Science
Stanford-led team reveals nanoscale secrets of rechargeable batteries
An interdisciplinary team has developed a way to track how particles charge and discharge at the nanoscale, an advance that will lead to better batteries for all sorts of mobile applications.

Contact: Andrew Gordon
agordon@slac.stanford.edu
650-926-2282
DOE/SLAC National Accelerator Laboratory

Public Release: 5-May-2016
Science
Scientists watch bacterial sensor respond to light in real time
Researchers have made a giant leap forward in taking snapshots of ultrafast reactions in a bacterial light sensor. Using the world's most powerful X-ray laser at the Department of Energy's SLAC National Accelerator Laboratory, they were able to see atomic motions as fast as 100 quadrillionths of a second -- 1,000 times faster than ever before.
National Science Foundation, National Institutes of Health, Helmholtz Association, German Federal Ministry of Education and Research, Engineering and Physical Sciences Research Council, Academy of Finland, European Union

Contact: Andrew Gordon
agordon@slac.stanford.edu
650-926-2282
DOE/SLAC National Accelerator Laboratory

Public Release: 4-Apr-2016
Major upgrade will boost power of world's brightest X-ray laser
Construction begins today on a major upgrade to a unique X-ray laser at the Department of Energy's SLAC National Accelerator Laboratory. The project will add a second X-ray laser beam that's 10,000 times brighter, on average, than the first one and fires 8,000 times faster, up to a million pulses per second.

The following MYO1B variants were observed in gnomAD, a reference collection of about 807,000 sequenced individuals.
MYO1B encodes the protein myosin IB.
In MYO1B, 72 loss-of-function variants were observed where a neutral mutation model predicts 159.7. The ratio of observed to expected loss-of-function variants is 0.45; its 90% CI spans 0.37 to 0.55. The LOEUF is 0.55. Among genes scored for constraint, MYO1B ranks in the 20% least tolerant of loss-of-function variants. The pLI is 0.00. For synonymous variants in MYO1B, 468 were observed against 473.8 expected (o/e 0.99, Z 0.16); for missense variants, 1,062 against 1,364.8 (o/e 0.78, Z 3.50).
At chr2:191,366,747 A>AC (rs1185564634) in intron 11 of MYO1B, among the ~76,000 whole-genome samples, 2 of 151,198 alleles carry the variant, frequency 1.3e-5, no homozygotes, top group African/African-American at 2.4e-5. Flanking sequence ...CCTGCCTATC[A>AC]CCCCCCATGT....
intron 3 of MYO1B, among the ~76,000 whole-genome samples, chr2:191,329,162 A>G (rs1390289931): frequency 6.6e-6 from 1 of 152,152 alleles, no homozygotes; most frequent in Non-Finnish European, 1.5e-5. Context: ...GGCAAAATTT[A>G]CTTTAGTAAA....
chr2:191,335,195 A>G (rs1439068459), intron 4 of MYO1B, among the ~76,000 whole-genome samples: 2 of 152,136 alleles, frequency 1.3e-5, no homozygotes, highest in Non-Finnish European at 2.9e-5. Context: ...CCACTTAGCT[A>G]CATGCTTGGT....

Contact: Andrew Gordon
agordon@slac.stanford.edu
650-926-2282
DOE/SLAC National Accelerator Laboratory

Public Release: 1-Apr-2016
Nature Communications
X-rays reveal how a solar cell gets its silver stripes
The silver electrical contacts that carry electricity out of about 90 percent of the solar modules on the market are also one of their most expensive parts. Now scientists from two Department of Energy national laboratories have used X-rays to observe exactly how those contacts form during manufacturing.
SunShot Initiative

Contact: Andrew Gordon
agordon@slac.stanford.edu
650-926-2282
DOE/SLAC National Accelerator Laboratory

Public Release: 10-Feb-2016
Nature
SLAC X-ray laser turns crystal imperfections into better images of important biomolecules